An important goal for Hallmark, prompted by declining inpatient utilization, was to increase its ambulatory market share. An important point of focus for the assessment, therefore, was on determining the right size for the Hallmark delivery network and the best sites for the health system’s various services.

Overall, the assessment identified an opportunity to improve core-cost financial performance in the Hallmark enterprise by $8.3 million to $33 million. Significant opportunities existed to improve labor productivity and span of control, among other expense areas, despite these costs having been trimmed in the past. Hallmark’s leaders also saw that financial improvements could be achieved through operational and productivity gains within the physician enterprise, service line development and growth, brand strengthening, and strategic partnership opportunities. Pursuit of these opportunities was beyond the scope of the assessment described here.

2. Get Organized at the Leadership Level

Following the assessment phase, in August 2016, Hallmark established a steering committee of about 20 members charged with identifying the improvement target and beginning the work necessary to achieve it. Members included C-suite leaders, senior-level divisional executives in clinical operations, and five physician leaders.

Physician and nurse leader participation was critical on the front end because the committee’s decisions would likely have a significant impact on downstream operations—and on these stakeholder groups in particular. These leaders could communicate the cost-improvement challenges to divisions across the organization and serve as ambassadors to help with the changes in specific areas.

Hallmark Steering Committee Principles

The sidebar above outlines steering committee responsibilities and the agreed-upon rules of engagement. The committee held 90-minute meetings twice weekly at first, then weekly. Meetings were almost always attended by everyone because committee members recognized the importance of the decisions being discussed and wanted to be present to share their perspectives. The committee chair served as the final arbitrator of any disagreements.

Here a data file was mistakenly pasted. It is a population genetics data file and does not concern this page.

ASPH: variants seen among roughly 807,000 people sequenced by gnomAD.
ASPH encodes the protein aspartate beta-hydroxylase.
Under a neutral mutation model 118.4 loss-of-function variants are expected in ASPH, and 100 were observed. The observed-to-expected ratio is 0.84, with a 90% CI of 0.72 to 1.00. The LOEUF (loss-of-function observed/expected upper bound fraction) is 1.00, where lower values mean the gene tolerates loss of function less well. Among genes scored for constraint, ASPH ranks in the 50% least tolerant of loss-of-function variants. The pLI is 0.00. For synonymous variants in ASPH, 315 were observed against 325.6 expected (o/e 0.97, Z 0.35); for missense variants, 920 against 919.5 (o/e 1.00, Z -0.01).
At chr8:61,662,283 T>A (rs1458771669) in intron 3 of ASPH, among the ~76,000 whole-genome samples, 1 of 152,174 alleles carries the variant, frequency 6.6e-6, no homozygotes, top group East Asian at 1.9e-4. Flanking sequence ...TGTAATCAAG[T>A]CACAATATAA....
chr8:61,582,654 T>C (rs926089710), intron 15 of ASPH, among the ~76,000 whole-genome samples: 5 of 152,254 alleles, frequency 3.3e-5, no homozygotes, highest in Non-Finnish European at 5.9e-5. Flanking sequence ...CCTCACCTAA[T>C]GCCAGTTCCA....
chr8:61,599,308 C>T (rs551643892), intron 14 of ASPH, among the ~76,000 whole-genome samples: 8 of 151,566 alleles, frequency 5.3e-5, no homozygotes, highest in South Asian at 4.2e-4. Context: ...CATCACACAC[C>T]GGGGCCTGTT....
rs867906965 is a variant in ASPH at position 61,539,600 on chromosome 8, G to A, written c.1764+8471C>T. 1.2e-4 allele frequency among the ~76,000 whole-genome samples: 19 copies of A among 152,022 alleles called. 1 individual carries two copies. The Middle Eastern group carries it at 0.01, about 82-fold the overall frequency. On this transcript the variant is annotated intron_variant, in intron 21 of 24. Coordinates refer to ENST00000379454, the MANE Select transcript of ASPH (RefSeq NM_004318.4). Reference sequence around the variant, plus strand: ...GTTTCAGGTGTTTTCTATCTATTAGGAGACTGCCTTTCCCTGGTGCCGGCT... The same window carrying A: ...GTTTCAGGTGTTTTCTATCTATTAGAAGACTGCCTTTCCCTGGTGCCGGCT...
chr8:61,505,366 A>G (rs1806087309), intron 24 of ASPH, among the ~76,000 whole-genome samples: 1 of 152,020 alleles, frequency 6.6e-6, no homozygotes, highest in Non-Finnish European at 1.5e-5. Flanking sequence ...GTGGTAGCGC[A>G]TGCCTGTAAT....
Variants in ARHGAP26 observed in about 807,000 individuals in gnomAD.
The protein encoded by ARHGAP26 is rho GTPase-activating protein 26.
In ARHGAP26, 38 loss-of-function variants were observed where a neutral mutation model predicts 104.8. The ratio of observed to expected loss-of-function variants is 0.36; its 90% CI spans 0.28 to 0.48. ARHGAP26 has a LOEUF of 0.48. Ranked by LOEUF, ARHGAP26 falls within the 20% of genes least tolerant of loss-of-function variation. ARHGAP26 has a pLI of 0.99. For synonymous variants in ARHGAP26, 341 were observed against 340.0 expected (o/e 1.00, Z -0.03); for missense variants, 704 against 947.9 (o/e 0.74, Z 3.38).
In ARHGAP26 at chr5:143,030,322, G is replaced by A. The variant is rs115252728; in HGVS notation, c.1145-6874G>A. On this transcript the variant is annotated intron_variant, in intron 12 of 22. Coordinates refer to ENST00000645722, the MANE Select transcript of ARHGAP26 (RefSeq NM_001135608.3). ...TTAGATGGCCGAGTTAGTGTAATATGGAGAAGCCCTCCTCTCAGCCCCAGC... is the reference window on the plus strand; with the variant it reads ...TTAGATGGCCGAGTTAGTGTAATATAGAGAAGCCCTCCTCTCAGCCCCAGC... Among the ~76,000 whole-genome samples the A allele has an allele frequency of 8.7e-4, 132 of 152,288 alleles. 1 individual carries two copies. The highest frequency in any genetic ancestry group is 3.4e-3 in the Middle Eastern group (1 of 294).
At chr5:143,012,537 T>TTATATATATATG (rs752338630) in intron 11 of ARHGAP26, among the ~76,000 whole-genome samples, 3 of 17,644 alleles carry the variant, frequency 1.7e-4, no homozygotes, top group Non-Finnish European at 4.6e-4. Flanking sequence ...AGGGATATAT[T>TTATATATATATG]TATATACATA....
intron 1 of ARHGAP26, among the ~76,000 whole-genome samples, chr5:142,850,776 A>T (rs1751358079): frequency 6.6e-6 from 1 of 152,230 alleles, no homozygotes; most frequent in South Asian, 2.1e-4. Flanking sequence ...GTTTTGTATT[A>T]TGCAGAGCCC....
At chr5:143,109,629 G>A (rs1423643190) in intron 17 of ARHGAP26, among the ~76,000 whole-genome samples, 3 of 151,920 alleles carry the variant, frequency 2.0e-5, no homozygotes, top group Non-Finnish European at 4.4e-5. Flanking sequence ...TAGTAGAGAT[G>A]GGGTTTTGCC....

The steering committee determined that divisional vice presidents should be accountable for achieving the targets for their divisions, and should be afforded flexibility to move only departmental targets within their divisions, not their overall divisional targets. The committee agreed on a review process for improvement initiatives that might have unintended impacts on other departments or on patient safety, experience, or quality of care.

3. Gain Consensus on the Financial Goal Enterprisewide and by Division

Given that September was the closing month for Hallmark’s fiscal year (FY), in August 2016, the steering committee set a cost-improvement goal for FY17 by adding the following key numbers:

  • The FY16 operating gap to the then-current FY17 budget gap
  • Amounts of strategic financial improvements required to cover lower-than-expected payment and uncontrolled costs
  • A board-requested improvement target over the FY16 budget

The result was a recommended financial goal of $22 million in performance improvement for the first year, about $6 million of which was to occur outside the initiative described here. The initiative’s goal of about $15 million to $16 million was in line with where Hallmark wanted to be from an operational standpoint with its future affiliate partner. The steering committee approved that goal.

The committee then worked with the divisional vice presidents to establish the targets for and within the divisions. The vice presidents identified cost-improvement opportunities in their areas, commencing with cost-center opportunity ranges based on assessment findings, and potential impacts and risks of specific initiatives. The committee reviewed and weighed these factors in its weekly meetings.

Guided by internal and external data and analytics used during the assessment process, the steering committee agreed to a final target for each division’s identified opportunity, capped at 15 percent of the current department expense. Targets took into account current metrics, financial need, and actual experience in organizations similar to Hallmark nationwide. Target setting thus was neither a blind adoption of external benchmarks and performance metrics nor an across-the-board percentage reduction; rather, it was a process involving extensive management judgment, industry-based expertise, and full awareness that detailed plans must be developed and implemented by the leaders directly charged with oversight of the departments where the clinical or support-services work is performed.